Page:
The Scientist

» fluorescent protein

Most Recent

image: Notable Science Quotes

Notable Science Quotes

By | October 1, 2016

Roger Tsien R.I.P., predatory publishing, and diversity in science

0 Comments

image: Nobel Laureate Roger Tsien Dies

Nobel Laureate Roger Tsien Dies

By | August 31, 2016

One of the pioneers in developing fluorescent proteins for biological studies was 64 years old.

1 Comment

“Ultimate DISCO” uses a solvent that shrinks whole animals and preserves fluorescence for months.

0 Comments

image: Grab ’n’ Glow

Grab ’n’ Glow

By | January 1, 2015

Engineered proteins can tether multiple fluorescent molecules to give a brighter signal—and that’s not all.

0 Comments

image: Predicting Worm Lifespan

Predicting Worm Lifespan

By | February 13, 2014

Scientists engineer fluorescing nematodes to project the worms’ expected lifespans through flashes of light at just three days old.

0 Comments

image: Glowing Green Eel

Glowing Green Eel

By | June 17, 2013

The Japanese freshwater eel is the first vertebrate found to produce a fluorescent protein, which may prove useful in the clinic.

1 Comment

image: What Ever Happened to Douglas Prasher?

What Ever Happened to Douglas Prasher?

By | February 26, 2013

The first researcher to clone the gene for green fluorescent protein, but who was passed over for the 2008 Nobel Prize in Chemistry, is back in academic science.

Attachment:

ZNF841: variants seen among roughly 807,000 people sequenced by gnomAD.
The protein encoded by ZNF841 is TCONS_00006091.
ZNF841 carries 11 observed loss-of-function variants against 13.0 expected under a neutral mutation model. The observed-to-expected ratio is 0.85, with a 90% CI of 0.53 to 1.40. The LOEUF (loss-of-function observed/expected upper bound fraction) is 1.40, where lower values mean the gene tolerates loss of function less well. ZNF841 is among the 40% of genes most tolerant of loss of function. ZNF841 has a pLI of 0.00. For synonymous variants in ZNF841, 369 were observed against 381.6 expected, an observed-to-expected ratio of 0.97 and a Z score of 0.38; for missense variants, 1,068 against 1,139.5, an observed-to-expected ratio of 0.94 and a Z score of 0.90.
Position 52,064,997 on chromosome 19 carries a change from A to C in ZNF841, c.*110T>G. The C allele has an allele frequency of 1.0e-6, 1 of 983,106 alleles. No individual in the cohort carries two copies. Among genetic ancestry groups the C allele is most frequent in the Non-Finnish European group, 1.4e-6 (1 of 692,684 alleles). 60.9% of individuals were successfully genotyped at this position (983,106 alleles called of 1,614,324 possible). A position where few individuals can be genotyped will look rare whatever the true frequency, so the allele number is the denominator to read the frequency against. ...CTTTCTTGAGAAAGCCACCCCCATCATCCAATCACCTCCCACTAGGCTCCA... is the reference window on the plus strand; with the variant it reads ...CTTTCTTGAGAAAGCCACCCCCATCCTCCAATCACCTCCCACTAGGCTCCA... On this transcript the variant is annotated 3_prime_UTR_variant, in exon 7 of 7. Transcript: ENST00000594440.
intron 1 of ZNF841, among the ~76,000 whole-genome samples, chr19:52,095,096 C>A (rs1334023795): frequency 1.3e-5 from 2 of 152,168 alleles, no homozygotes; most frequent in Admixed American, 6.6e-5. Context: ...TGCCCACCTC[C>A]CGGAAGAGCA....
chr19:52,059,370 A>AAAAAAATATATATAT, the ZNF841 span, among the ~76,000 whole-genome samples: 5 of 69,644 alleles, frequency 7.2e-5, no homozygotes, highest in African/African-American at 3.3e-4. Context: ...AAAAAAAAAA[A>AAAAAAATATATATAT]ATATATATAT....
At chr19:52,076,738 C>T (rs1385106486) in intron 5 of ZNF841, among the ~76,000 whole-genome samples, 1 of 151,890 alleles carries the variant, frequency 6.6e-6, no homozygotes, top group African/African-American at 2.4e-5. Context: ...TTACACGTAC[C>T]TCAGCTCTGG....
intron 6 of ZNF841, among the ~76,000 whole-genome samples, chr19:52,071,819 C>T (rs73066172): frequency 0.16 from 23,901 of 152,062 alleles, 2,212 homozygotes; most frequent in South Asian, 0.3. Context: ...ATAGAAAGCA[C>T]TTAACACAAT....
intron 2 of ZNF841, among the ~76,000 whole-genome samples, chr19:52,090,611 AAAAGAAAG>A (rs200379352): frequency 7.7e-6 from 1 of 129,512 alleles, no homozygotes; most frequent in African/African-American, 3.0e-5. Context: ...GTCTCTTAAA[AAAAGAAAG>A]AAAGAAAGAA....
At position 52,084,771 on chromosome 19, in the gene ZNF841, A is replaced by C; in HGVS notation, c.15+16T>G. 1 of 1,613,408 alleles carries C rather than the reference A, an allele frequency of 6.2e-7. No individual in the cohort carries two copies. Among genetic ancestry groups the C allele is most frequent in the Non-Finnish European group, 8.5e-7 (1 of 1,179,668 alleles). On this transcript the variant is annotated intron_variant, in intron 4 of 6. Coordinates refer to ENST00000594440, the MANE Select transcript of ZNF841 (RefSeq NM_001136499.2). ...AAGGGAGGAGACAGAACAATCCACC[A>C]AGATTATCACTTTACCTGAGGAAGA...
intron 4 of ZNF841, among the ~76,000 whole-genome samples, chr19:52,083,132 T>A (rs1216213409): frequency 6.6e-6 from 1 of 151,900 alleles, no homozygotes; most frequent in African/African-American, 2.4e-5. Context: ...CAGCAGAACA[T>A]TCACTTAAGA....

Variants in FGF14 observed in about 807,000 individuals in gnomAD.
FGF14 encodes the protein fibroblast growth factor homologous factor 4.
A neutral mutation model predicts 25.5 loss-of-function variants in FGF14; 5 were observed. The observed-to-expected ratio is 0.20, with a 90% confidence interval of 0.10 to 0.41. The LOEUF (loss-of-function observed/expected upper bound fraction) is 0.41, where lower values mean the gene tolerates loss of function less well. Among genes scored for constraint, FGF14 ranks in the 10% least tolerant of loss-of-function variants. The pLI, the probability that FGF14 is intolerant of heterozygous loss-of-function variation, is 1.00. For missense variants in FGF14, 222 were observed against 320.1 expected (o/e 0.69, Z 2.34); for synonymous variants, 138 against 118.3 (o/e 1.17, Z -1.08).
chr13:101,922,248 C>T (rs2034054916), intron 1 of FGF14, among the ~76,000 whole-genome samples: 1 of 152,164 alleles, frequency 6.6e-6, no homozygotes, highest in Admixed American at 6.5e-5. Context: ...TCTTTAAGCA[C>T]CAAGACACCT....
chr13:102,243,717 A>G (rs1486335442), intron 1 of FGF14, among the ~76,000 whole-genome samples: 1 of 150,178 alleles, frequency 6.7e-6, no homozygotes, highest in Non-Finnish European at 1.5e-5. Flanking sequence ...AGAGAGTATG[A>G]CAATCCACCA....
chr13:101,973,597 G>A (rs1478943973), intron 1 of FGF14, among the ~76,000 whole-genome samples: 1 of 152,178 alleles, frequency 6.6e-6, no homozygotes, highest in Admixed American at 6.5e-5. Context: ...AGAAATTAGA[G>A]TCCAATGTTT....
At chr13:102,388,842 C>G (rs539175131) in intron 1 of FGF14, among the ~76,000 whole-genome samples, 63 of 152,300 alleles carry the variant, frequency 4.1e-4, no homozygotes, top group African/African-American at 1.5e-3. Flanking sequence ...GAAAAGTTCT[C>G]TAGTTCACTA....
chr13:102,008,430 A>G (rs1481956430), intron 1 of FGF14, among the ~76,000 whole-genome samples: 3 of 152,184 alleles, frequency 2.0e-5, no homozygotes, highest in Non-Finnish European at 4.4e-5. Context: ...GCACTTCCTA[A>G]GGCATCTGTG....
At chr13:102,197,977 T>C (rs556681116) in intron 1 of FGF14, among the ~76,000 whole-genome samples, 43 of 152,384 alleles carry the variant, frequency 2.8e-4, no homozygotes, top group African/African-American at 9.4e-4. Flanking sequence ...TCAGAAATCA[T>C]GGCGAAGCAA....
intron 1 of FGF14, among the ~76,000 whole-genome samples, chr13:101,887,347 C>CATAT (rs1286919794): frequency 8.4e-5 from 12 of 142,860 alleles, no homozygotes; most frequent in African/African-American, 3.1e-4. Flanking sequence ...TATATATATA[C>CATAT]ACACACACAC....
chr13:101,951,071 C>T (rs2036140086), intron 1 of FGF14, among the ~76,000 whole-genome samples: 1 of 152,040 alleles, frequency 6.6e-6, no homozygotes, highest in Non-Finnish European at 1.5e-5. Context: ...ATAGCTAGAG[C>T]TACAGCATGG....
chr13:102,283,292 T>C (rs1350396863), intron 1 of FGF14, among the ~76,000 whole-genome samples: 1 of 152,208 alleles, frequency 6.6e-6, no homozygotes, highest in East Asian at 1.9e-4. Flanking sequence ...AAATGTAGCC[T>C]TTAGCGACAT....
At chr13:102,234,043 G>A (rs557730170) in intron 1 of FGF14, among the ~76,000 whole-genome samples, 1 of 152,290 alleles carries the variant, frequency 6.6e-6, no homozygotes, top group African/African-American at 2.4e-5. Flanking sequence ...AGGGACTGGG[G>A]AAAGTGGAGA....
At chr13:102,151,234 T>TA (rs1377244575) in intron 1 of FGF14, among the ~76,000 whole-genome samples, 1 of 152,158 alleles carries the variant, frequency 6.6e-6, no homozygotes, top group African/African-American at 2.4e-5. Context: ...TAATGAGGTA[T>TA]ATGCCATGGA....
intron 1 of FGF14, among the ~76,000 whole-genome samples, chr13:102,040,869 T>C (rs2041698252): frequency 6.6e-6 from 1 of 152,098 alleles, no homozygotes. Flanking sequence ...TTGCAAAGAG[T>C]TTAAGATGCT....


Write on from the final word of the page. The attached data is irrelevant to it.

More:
9 Comments

image: DayGlo Science

DayGlo Science

By | July 20, 2012

Biologist David Gruber studies radiant creatures and their fluorescent proteins.

0 Comments

image: Live and In Color

Live and In Color

By | April 1, 2012

How to track RNA in living cells

2 Comments

image: Encrypting <em>E. coli</em>

Encrypting E. coli

By | September 26, 2011

Researchers design patterns of fluorescent protein expression to deliver secret messages.

3 Comments

Popular Now

  1. Major German Universities Cancel Elsevier Contracts
  2. Running on Empty
    Features Running on Empty

    Regularly taking breaks from eating—for hours or days—can trigger changes both expected, such as in metabolic dynamics and inflammation, and surprising, as in immune system function and cancer progression.

  3. Most of Human Genome Nonfunctional: Study
  4. Identifying Predatory Publishers
AAAS